The Following Trip Report was submitted by Bryan from Sea Sports Scuba:
July 4th-6th, 2014
South Padre Island, TX
Our divers gathered for a meet & greet on Friday at the Sea Ranch Restaurant with myself and Rob Hancock of American Diving, South Padre. After a warm welcome, a quick briefing on the weekend’s events and a couple of drinks, it was time to watch the island’s outstanding fireworks display over Laguna Madre Bay.
Saturday we did two dives on the wreck of the Deep Six, an 80′ shrimp boat that went down in rough seas, splitting the hull and resting on a sandy bottom around 65’. She’s taken some damage from hurricanes over the years, and no longer has a super structure. However, since the wreck is not marked and doesn’t show up on any charts, there are loads of fish living around it. More scorpion fish than I’ve EVER seen in one spot, they were absolutely everywhere. The highlight was a surprise encounter with a very large Goliath Grouper attempting to hide from us under some wreckage. I say attempting because this was easily a 250 pound fish, so “hiding” is a relative term here! Water was around 82 on the surface, 72 on the bottom under the thermocline. Deep Six sits pretty close to shore, so she’s in green water, 12-15 feet of visibility on the bottom, better than that the shallower you are. Later that evening, the group returned to the marina for a sunset dolphin-watching cruise in the bay. We saw several pods of dolphins around the jetties, and took in a spectacular sunset. A great way to finish off the day!
On Sunday, we were headed back out into the Gulf of Mexico by 7 am, eagerly anticipating the main event of the weekend: our two dives on Texas Clipper! Conditions were picture perfect with smooth seas and 80+ feet of visibility on the wreck, which sits rolled on its left side on a 132’ bottom. The most interesting parts of the dive are between 60’ and 100’.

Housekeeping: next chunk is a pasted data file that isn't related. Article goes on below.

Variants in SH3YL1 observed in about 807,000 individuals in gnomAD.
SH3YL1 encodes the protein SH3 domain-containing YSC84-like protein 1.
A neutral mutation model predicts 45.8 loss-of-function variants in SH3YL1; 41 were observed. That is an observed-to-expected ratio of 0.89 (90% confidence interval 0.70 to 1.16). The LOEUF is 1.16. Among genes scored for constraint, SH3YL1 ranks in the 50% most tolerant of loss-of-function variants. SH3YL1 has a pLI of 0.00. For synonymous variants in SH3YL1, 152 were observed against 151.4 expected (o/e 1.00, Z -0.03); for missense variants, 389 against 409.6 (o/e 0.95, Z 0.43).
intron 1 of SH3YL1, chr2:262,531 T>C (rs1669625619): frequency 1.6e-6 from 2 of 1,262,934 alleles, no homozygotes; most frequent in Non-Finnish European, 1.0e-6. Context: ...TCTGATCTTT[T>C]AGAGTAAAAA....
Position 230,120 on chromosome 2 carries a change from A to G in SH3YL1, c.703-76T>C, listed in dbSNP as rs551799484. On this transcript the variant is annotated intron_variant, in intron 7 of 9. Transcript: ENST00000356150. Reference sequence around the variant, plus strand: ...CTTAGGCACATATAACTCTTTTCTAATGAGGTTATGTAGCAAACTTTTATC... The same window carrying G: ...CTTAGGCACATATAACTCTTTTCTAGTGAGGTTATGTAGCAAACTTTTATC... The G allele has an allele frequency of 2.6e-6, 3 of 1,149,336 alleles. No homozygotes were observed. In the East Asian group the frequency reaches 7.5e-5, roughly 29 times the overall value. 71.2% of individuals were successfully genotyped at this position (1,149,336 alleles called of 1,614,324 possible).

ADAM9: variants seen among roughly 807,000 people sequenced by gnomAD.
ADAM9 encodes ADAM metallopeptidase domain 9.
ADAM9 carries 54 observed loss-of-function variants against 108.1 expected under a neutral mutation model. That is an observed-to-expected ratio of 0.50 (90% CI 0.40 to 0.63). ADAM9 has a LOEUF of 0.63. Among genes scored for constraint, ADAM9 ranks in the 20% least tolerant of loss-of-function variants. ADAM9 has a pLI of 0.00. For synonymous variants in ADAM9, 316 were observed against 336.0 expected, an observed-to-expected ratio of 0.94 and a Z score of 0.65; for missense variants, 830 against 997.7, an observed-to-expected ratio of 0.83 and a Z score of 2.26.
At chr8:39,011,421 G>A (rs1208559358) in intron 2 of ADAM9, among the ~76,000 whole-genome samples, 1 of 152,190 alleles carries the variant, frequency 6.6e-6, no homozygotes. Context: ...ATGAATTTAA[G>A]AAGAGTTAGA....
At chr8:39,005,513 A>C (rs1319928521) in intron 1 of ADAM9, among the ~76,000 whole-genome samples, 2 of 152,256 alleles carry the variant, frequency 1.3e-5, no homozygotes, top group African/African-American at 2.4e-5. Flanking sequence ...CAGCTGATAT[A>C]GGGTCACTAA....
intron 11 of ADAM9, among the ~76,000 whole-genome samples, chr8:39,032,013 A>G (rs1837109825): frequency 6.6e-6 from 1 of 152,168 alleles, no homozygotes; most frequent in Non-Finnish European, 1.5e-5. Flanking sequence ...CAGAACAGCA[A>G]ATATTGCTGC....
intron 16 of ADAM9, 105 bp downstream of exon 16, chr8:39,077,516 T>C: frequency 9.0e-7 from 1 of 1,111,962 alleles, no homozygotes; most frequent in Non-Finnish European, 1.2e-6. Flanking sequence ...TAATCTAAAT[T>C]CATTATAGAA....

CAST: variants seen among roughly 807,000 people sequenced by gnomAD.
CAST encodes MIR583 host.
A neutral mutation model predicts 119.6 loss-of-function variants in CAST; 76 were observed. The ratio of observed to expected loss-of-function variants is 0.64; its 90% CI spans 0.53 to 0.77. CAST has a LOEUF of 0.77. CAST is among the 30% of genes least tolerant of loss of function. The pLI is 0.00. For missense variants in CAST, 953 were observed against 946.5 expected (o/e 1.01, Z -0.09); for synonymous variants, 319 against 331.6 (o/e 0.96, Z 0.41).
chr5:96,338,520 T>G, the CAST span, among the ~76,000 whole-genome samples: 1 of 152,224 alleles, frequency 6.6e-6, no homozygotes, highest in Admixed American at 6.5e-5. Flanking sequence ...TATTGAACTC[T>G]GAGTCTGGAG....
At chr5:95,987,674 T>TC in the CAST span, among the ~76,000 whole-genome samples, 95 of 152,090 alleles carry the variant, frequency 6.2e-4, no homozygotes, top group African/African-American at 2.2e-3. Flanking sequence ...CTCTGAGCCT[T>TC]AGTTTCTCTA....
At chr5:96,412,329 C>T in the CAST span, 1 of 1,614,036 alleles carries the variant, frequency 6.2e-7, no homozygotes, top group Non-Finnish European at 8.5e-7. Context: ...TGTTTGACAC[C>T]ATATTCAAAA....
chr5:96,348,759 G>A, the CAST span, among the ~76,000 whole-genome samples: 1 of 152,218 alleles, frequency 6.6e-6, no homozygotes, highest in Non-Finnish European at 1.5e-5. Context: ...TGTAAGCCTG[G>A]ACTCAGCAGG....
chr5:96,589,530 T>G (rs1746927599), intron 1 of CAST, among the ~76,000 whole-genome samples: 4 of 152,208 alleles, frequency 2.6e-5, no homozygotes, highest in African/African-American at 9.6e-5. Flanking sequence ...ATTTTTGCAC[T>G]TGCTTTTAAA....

Upon splashing for our first dive, a huge school of Lookdowns were hovering above the central portion of the vessel, glistening in the cascading sunlight. A handful of large Amberjacks circled around slowly, and of course what Gulf of Mexico dive would be complete without a few large Barracuda? Just before coming up the mooring line at the end of our first dive, a nice sized male Southern Stingray cruised along the side of the Clipper’s hull and made a couple of passes as we ascended to the surface.
The Texas Clipper has a great swim through along the Promenade deck, where the large windows are now on the ceiling above you due to the orientation of the ship. You can see down into the vessel below you as you swim over openings that were cut into the thick walls. Another point of interest is a large crack in the hull that formed in 2008 as hurricane Ike moved through the Gulf on its way to the Houston area. Even though the storm was hundreds of miles away, the hydraulic force was enough to create a small canyon of twisted and torn steel big enough to swim through easily. Throughout the second dive, our group continued to enjoy the fish life attracted to the Clipper such as Queen Angels, Blackjacks, Snapper, and that same huge school of Lookdowns. Over the two dives on Sunday, divers on the boat killed fourteen lionfish!! How about that?!
The Gulf of Mexico, and more specifically the Texas Gulf Coast is home to some really unique and worthwhile diving opportunities. If you haven’t been down to South Padre Island to dive the Texas Clipper, I would highly recommend it. We’ve got a world-class wreck dive right off of our coast!
American Diving and The Original Dolphin Watch is back up and running. Dive trips will resume on July 3rd with Sea Sports of Houston. All eco tour activities have resumed today.
Hurricane hit Mexico 160 miles south of South Padre Island. No damage on the Island.